Like all zombies, if you let them get too close to you, they will chew you up, bit by bit, until you become one of them – until they have converted you to their lifeless cause. And, of course, like zombies, they have no strength as individuals, they are weaklings when faced with anyone on their own. They only have strength in numbers. That is because they are slow (pun intended), and they can only catch you when you are complacent, when your guard is down.

It is not only toxic people that are zombies, but you are also one, or more accurately a collection of zombies, since your sub-personalities are all essentially miniature unconscious life-forms all vying for power.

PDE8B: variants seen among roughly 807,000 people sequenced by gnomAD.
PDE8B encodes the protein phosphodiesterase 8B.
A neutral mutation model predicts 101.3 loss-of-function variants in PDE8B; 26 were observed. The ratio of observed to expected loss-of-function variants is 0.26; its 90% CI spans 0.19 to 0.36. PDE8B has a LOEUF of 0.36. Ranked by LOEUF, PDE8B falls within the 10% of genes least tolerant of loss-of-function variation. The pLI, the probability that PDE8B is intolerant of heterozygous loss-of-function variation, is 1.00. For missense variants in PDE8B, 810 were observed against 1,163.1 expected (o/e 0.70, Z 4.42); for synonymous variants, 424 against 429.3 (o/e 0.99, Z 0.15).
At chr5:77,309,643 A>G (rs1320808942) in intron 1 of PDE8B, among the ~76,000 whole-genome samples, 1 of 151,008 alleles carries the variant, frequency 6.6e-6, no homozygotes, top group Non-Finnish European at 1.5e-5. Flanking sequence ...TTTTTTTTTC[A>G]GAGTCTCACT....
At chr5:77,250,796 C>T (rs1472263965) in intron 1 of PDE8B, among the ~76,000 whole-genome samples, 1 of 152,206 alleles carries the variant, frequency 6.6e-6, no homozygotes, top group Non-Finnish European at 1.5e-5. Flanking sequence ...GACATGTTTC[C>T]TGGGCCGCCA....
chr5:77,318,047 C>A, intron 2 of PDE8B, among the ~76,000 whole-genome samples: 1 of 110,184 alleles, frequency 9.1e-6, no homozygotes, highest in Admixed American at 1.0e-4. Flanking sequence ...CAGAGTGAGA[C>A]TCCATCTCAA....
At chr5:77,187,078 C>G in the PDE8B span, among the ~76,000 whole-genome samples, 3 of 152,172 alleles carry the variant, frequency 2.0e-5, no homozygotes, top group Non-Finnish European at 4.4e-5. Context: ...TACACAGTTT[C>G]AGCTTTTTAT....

If you haven’t been extremely cautious, it is likely that there’s a part of you that’s dominant, and if you don’t question whether this part has your best interests in mind, you can find yourself slipping into an oblivious state quite rapidly, whether into hedonism or workaholism.

In the Maps of Meaning lectures, Peterson recalls the story of Pinocchio. In the cartoon, there is a scene in Pleasure Island, the place that all the kids that want to escape responsibility go to. There, they are free to do whatever they want. They can smoke, drink, and play games, with no adult supervision. It is a never-ending party. And their underlying philosophy is that they don’t need school – only chumps sacrifice pleasure for learning.